Assessment of Physical function by PROMIS Pain Interference and Likert Pain Scores

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Assessment of Physical function by PROMIS Pain Interference and Likert Pain Scores

The National Institutes of Health developed the Patient Reported Outcome Measurement Information System (PROMIS) which uses a health domain related to Pain Interference (PI). Matthew J. et al. and his colleagues conducted this research to assess the health domain and its relationship with physical function (as determined by PROMIS Physical Function [PF]). It was administered as a computer adaptive test (CAT), and secondarily its association to a numerical 0 to 10 pain score. The null hypothesis used in statistical theory was PI, measured by CAT. The PI value does not correlate with PF, and therefore no differences were observed between comparisons of PROMIS PF and numerical pain scores.

The adult patients were presented to an upper extremity clinic from February to December 2015, and those who completed PROMIS PF, PI, and numerical 0 to 10 pain score questionnaires were enrolled in the study. The PROMIS modules were completed in computer adaptive form electronically. Mean population scoring on each module is described at 50. The rating of pain scale was on a 0 to 10 level. These datasets were collected as routine clinical care and were extracted from the electronic health record for cross-sectional evaluation. The association between the promise modules and the numerical pain scores was defined by bivariate Pearson coefficient, and correlations between PF and PI were compared with correlations between PF and pain scores.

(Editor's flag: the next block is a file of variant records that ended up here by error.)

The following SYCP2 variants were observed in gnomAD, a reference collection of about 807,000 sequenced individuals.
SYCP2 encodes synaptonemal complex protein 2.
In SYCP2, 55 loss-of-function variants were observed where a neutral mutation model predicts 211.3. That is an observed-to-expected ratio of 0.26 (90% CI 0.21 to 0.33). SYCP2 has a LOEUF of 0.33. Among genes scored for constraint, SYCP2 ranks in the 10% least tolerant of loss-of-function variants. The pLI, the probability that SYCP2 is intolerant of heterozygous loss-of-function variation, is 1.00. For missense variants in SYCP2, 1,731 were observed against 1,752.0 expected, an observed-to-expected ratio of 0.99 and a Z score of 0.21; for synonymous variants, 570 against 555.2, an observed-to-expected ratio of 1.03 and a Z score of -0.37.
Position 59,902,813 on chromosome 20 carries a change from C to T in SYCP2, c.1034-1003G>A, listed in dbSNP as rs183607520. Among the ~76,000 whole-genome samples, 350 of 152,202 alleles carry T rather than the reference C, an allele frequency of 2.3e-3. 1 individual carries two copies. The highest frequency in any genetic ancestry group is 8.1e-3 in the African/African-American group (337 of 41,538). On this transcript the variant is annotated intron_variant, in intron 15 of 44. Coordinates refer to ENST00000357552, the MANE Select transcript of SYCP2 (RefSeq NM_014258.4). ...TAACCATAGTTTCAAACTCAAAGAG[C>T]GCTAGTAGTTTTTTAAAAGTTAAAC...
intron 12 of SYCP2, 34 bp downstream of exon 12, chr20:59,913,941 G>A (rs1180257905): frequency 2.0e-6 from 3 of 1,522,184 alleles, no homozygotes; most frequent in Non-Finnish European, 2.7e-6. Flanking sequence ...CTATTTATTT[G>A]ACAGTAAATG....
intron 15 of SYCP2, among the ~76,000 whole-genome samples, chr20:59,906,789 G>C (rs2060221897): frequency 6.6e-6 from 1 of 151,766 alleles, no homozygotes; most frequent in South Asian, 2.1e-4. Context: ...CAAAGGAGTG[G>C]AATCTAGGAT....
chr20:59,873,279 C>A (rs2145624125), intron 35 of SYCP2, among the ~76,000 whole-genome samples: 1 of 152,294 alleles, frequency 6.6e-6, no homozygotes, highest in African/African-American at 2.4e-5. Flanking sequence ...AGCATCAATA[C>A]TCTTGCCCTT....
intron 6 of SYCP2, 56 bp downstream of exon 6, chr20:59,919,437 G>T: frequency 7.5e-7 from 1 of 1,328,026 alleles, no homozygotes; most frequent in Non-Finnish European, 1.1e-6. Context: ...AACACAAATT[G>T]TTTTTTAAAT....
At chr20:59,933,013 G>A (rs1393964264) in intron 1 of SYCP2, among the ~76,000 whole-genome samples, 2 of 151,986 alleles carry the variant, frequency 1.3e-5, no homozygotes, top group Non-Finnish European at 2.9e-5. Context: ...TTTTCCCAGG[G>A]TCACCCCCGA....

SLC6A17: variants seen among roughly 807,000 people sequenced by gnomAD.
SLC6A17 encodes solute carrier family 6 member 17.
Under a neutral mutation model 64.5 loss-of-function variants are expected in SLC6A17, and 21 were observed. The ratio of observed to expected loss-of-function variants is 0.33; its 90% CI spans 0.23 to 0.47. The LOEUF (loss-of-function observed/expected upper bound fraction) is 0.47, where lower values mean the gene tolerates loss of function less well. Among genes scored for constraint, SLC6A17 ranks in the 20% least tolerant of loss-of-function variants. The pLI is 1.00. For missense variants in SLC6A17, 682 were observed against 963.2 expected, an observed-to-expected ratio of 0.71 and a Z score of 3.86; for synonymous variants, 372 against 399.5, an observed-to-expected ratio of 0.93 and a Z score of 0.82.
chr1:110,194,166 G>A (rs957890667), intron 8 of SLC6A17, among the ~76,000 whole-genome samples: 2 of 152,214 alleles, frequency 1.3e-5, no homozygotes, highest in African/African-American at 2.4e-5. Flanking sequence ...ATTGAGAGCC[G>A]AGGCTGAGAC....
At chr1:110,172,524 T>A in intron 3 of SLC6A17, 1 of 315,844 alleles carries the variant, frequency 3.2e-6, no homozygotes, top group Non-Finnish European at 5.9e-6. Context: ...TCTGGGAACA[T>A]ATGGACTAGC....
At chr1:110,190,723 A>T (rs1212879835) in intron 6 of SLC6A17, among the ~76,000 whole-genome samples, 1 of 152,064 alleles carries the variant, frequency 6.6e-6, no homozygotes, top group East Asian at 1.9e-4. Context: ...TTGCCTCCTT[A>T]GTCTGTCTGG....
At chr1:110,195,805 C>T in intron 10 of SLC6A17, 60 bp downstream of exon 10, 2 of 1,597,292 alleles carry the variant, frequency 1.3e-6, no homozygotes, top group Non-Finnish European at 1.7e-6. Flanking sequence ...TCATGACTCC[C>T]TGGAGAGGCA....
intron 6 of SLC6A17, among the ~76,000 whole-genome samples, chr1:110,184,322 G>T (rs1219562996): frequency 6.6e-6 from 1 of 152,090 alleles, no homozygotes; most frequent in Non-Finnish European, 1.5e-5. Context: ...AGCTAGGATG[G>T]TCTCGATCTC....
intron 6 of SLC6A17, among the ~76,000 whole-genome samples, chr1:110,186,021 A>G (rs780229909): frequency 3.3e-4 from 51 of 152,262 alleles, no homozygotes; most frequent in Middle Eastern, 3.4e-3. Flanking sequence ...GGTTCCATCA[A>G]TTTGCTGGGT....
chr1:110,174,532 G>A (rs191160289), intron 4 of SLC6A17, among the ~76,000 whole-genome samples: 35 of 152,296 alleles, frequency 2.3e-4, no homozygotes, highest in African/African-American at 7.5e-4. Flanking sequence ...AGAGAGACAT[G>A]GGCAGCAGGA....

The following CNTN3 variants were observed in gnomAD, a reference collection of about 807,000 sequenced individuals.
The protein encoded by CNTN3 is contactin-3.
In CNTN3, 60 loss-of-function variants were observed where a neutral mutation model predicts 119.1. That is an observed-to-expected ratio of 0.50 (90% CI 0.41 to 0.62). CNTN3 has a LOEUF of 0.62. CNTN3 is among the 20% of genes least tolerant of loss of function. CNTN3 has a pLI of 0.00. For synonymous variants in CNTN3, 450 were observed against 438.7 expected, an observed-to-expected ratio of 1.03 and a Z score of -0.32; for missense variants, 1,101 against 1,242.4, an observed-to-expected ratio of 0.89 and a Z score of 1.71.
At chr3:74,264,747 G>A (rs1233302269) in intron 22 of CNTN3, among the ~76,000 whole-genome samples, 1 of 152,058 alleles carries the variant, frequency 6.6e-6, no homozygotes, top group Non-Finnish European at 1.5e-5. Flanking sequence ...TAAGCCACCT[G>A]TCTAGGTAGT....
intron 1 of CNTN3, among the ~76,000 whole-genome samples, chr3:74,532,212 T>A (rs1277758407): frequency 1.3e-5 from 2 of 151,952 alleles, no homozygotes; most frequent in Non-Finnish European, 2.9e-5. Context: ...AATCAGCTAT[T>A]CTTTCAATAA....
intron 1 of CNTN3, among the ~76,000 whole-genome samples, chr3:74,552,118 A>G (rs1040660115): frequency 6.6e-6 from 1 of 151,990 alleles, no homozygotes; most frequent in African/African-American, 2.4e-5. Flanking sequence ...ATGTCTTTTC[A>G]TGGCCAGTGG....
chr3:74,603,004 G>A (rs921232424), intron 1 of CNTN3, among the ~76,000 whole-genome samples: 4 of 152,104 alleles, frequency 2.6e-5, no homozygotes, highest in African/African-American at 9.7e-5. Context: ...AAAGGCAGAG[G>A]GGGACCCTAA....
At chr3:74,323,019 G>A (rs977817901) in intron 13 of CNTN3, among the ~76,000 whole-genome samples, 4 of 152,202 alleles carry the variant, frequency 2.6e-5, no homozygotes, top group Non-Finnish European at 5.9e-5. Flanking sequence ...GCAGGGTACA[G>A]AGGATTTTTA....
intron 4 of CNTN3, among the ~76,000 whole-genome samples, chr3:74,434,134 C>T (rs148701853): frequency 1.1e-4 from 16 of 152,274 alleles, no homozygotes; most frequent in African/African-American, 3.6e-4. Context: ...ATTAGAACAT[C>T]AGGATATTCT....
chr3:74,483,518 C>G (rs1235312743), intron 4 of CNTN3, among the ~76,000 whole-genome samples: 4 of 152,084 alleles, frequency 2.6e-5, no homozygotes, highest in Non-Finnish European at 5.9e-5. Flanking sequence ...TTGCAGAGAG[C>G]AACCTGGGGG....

The data were recorded from patients' at 10,574 first, 5,210 second, 2,633 third, 1,382 fourth, and 722 fifth visits. A negative correlation was found between PROMIS PI & PROMIS PF and numerical pain scores & PROMIS PF. Numerical pain scores were less correlated than PROMIS PI through time relative to PF.

The study inferred that both PROMIS PI and numerical pain scores exhibit significant correlations with PF for each office visit. The patient-reported pain using a 0 to 10 pain score can be used as a predictor of patients' level of function. Pain scores can't replace patient-reported outcomes, but they can be used as a source of useful information in the absence of patient-reported outcomes.

Source:

The Journal of Hand Surgery

Link to the source:

http://www.sciencedirect.com/science/article/pii/S0363502316305457

Original title of the article:

Efficacy of PROMIS Pain Interference and Likert Pain Scores to Assess Physical Function

Authors:

Matthew J. et al.

SearchTags: 
Diagnostic, Pain, Research article
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